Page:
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Should the next version of Windows run a Linux core?

September 21, 2019Will Leffert

I recently read an interesting article that posited Windows 11 may run a Linux kernel.

If someone had said that to me 5 years ago, I would've laughed in their face and told them to keep dreaming. Why would Microsoft ditch their investment in the NT kernel for Linux?

Now, however, I'm thinking there is a chance.

When Mac OS made the switch to a BSD kernel, I was surprised, but not THAT surprised. Still, I didn't care too much. At that time I wasn't really a Mac user; I ran Windows for gaming & design, Linux for development, and occasionally FreeBSD for fun and servers.

Eventually, I had to embrace Mac OSX when working in the newspaper industry. I still don't own a Mac myself, and honestly, I don't plan to. There is no need. Everything I want to do can be done with my current setup on Windows, and if not, I also have a Debian server, and just loaded my slightly older laptop with Ubuntu since it wasn't going to get used as another Windows machine.

Plus, I don't want to buy new licenses for some of my software I swear by on Windows.

That's actually an interesting thing to consider; while I'd love a Linux kernel for Windows, what are they going to do about compatibility?

When Mac OSX made it's debut, it basically screwed a bunch of people, requiring them to buy all new software. The biggest difference in that situation, however, was the change from the proprietary PPC architecture to the 32/64 bit arch the rest of the world used.

Microsoft won't have to worry about that, but software compatibility is still something to consider, especially in the business environment.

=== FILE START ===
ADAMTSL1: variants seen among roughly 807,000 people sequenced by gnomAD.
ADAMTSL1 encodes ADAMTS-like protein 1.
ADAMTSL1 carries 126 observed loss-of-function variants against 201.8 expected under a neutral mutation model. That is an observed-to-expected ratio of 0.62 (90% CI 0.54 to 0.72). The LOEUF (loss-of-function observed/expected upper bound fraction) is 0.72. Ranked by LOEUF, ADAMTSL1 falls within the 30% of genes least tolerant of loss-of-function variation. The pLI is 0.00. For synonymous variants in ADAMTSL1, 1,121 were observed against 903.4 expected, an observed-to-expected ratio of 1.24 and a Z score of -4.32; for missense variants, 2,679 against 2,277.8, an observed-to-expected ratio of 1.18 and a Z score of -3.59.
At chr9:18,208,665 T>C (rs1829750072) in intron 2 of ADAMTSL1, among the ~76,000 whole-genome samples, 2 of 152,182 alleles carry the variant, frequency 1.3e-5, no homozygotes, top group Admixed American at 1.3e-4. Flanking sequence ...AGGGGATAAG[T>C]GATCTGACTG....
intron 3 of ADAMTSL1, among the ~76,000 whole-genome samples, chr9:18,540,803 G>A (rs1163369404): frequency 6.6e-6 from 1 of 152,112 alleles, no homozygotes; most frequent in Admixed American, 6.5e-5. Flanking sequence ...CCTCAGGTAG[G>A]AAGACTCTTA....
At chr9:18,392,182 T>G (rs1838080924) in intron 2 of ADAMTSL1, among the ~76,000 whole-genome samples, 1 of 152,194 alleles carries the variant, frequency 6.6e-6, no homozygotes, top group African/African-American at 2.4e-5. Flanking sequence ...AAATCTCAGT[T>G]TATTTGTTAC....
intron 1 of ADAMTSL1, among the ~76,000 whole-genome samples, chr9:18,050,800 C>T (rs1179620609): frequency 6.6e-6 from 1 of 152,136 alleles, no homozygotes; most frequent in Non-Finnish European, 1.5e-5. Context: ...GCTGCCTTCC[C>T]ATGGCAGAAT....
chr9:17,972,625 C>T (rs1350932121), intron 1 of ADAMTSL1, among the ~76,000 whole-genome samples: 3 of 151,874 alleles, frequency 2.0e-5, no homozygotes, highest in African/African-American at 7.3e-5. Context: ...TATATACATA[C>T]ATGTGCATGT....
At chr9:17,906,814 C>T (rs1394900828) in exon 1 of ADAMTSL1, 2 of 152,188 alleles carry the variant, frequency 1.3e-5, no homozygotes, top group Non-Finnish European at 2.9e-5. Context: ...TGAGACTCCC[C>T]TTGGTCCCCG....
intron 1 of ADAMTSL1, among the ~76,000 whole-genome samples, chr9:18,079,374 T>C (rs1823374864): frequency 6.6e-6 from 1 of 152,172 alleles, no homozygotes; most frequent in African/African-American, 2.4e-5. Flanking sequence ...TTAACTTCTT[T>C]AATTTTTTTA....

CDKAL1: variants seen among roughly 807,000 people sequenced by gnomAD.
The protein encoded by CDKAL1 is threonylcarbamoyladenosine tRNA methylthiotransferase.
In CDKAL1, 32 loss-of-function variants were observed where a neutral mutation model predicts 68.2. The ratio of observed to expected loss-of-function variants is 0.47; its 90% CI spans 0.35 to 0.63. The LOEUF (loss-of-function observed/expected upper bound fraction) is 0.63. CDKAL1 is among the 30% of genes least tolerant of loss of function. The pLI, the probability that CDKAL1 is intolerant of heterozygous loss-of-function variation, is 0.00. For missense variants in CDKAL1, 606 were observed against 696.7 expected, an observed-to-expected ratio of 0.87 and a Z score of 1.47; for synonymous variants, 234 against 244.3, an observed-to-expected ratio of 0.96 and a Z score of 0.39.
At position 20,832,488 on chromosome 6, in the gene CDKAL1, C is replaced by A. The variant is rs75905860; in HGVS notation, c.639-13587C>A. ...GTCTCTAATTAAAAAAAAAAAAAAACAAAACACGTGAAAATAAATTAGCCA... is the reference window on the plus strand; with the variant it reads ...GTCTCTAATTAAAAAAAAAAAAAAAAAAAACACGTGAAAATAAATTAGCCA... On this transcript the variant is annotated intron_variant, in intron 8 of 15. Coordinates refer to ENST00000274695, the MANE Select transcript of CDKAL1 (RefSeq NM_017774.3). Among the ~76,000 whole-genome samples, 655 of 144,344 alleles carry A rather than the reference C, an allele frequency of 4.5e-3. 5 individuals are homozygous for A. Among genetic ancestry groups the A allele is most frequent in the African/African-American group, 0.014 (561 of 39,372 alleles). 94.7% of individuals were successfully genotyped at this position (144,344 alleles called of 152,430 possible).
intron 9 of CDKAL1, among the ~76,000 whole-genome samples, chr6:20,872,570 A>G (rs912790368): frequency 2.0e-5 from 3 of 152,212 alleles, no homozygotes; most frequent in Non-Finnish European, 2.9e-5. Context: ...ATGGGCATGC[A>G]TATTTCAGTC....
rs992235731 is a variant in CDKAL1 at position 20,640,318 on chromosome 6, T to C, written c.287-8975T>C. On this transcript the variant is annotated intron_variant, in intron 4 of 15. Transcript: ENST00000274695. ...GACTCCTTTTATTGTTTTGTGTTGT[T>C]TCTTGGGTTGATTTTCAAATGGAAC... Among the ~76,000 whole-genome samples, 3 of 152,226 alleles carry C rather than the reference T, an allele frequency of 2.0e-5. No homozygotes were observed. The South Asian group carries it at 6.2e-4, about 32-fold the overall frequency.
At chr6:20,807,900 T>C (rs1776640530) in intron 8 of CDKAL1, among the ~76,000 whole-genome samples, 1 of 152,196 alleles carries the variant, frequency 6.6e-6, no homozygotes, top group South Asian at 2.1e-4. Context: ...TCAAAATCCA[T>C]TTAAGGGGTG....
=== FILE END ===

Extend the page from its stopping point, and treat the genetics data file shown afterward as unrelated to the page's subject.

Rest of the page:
Software like Wine allows you to run some Windows apps in Linux; sometimes it runs well, but the more niche the software, the more likely you're going to have issues.

The best bet would be for Windows to reverse it's current relationship with Linux; instead of using WSL as a Linux compatibility layer, it should utilize an NT kernel subsystem to help run legacy software while vendors make the transition to the new kernel. Hell, it would probably be easier to do than the current WSL configuration, just because MS has such intimate familiarity with their kernel and source. I mean, I can still run ancient Windows apps on Windows 10 with no issues. Hell, I actually test-ran CuteFTP (an ancient W9x era FTP program) on Windows 10, and it still worked fine.

Compared to getting Linux apps to run on Windows, I feel like MS would have an easier time getting Windows apps to run on Linux.

Still, I'm not getting my hopes up. A massive corporation like Microsoft doesn't just make a change like that. The structure of their operations would make such a transition exceptionally painful.

Not to mention the pains of large-scale change that MS has always encountered. Look at releases like Windows ME, Vista, and 8, and you'll get what I'm talking about. Hell, Windows 10 is still having maintenance issues, and I personally feel like it's one of the better releases by MS (not as good as Windows 7, but a great leap forward).

One can dream, still, and have it seem a little more plausible than it would've been in the past.